Safety Tips for a Scorching Summer

As temperatures spike, so do trips to emergency rooms and the frequency of heat-related illnesses. While these illnesses can be serious and even life-threatening in many cases, there are fortunately some simple ways to stay safe in scorching temperatures, said Dr. Paul Silka, vice chairman of the Emergency Department at Cedars-Sinai Medical Center.

"With temperatures soaring into the 100s, it's important that everyone take precautions and recognize the dangers that can come with hot weather, including heat exhaustion and heat stroke," Silka said. "Pay special attention to young children and senior citizens. They are most significantly affected."

Watch for these signs:

  • Heat exhaustion: This illness may lead to heat stroke, so if you or someone else is experiencing symptoms, seek medical attention and monitor the condition closely. Symptoms include heavy sweating; cool, moist, pale or flushed skin; headache; dizziness; weakness; and nausea.
  • Heat stroke: This condition can be life-threatening, and requires emergency medical care. Symptoms include high body temperature; flushed hot, dry skin with no sweating; vomiting; weak, rapid pulse; decreased alertness; changes in consciousness; disorientation; confusion; impaired thinking; and shallow, rapid breathing.

Here are a few do's and don'ts for safely weathering hot temperatures:

  • Do drink water in frequent, small amounts. Try an 8-ounce glass at a time.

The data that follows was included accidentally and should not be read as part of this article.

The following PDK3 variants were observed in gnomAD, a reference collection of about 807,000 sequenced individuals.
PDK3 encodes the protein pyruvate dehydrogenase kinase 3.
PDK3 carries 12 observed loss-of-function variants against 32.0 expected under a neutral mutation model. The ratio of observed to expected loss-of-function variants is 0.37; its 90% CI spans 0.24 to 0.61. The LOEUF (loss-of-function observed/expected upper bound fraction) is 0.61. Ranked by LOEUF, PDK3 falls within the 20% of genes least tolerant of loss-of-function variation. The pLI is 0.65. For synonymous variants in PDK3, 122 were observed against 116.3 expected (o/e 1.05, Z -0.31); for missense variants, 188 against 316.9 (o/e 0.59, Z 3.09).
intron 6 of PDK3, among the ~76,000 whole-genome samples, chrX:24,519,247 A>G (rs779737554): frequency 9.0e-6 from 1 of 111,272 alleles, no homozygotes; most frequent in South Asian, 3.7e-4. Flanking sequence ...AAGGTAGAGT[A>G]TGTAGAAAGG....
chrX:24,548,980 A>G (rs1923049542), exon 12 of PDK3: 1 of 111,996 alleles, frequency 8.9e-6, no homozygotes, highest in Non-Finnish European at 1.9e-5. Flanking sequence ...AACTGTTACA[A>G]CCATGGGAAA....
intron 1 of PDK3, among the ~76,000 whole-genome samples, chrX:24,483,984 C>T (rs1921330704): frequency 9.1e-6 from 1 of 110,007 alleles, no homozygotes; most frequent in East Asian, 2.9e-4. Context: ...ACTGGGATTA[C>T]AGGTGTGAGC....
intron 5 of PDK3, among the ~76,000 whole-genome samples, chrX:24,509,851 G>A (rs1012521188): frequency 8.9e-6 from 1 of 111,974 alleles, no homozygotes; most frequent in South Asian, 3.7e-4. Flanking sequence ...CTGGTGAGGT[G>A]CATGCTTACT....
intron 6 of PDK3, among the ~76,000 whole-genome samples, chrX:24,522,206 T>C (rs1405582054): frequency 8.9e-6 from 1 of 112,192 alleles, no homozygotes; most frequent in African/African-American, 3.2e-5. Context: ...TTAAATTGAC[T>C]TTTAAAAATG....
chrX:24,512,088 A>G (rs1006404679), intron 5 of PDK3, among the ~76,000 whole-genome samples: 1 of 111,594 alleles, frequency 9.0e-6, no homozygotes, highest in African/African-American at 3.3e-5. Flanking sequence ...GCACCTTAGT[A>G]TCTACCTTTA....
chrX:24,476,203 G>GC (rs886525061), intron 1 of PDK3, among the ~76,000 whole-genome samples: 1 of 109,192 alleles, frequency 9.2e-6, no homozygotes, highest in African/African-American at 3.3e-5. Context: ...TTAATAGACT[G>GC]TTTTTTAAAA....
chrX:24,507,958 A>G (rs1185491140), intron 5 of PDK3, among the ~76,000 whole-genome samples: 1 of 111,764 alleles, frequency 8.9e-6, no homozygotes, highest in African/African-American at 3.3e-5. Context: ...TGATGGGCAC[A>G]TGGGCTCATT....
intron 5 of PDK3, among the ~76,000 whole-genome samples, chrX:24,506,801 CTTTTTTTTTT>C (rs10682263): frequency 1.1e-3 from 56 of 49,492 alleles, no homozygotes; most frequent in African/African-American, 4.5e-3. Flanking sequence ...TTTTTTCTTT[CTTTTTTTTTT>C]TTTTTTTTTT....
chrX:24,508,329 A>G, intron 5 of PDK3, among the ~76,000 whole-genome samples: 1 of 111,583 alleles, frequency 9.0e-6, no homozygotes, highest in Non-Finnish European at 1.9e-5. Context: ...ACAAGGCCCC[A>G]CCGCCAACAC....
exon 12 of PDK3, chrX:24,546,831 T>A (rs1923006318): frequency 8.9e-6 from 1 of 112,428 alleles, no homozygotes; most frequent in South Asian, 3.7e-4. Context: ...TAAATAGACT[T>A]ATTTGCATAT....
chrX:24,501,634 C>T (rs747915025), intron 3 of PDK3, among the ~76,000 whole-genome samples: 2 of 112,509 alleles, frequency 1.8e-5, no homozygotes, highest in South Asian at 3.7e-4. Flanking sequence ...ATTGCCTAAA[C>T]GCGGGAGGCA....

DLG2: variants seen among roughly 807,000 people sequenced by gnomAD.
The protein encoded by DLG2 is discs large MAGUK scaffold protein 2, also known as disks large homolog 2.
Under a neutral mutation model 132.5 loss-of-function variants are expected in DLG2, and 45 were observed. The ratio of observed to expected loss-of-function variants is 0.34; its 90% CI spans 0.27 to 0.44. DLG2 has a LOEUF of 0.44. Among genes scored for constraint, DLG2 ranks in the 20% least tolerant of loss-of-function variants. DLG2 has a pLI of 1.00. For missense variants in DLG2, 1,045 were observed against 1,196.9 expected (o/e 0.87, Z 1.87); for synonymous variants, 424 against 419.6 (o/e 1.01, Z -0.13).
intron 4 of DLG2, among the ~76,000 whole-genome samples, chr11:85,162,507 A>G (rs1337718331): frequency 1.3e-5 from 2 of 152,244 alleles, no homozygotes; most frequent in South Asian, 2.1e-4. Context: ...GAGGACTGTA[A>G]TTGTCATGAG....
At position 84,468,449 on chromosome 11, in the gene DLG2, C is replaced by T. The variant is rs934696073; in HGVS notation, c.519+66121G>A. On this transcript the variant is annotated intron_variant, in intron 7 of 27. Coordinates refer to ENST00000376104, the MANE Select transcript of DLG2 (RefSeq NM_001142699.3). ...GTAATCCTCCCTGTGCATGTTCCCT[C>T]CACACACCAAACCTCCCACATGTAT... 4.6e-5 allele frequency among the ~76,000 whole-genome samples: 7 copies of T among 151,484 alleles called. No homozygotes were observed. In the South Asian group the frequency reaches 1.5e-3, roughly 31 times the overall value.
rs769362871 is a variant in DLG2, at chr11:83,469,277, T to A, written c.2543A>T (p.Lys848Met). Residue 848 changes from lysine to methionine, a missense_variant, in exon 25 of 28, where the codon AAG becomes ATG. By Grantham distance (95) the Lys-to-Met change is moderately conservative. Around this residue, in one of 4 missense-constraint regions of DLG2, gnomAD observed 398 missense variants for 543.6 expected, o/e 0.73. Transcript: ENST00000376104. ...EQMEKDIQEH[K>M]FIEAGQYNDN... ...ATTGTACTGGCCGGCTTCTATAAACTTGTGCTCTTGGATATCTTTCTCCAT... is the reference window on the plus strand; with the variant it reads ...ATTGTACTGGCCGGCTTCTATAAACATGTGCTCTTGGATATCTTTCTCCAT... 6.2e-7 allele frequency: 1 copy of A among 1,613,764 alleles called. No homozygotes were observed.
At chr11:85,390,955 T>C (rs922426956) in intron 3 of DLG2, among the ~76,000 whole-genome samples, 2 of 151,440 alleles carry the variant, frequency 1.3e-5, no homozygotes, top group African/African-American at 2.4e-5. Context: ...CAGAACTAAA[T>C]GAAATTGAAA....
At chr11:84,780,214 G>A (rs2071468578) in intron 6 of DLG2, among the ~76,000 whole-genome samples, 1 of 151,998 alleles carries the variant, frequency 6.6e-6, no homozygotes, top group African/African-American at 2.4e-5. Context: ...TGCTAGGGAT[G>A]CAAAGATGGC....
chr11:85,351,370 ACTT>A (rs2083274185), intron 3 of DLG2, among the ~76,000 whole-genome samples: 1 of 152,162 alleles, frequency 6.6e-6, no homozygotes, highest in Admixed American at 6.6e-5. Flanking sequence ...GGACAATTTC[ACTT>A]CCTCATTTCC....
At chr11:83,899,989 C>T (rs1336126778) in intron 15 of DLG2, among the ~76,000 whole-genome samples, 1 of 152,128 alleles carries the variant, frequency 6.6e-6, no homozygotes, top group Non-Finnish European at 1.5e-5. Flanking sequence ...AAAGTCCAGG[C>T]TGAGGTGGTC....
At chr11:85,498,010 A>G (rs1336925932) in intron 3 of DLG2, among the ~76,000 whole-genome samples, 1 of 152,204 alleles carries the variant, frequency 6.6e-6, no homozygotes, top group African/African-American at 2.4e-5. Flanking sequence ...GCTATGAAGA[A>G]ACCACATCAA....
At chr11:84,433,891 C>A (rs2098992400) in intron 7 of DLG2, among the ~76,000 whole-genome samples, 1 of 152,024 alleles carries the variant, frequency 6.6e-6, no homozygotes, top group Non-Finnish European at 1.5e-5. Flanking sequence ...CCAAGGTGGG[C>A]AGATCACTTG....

• Do wear loose, lightweight, light-colored clothes and a hat to shade yourself.
  • Do wear sunscreen with at least an SPF of 15.
  • Do stay in a cool place during the hottest hours of the day, from about 10 a.m. to 4 p.m. Consider visiting a mall, movie theater, library, or local cooling center--often offered in community senior centers and facilities.
  • Don't wait until you feel thirsty to drink water. By then your body is already low on fluids.
  • Don't drink alcohol, caffeine, or sugary drinks--they will dehydrate you.
  • Don't take salt tablets. They will not replace water loss and can adversely affect your health.
  • Don't leave children, pets, or senior citizens unattended in a car for even a few minutes. It takes just moments for cars to heat up to lethal temperatures in hot weather.

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OH&S Digital Edition

  • OHS Magazine Digital Edition - January 2019

    January / February 2019

    Featuring:

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      Meeting the Requirements for Emergency Equipment
    • CONSTRUCTION SAFETY
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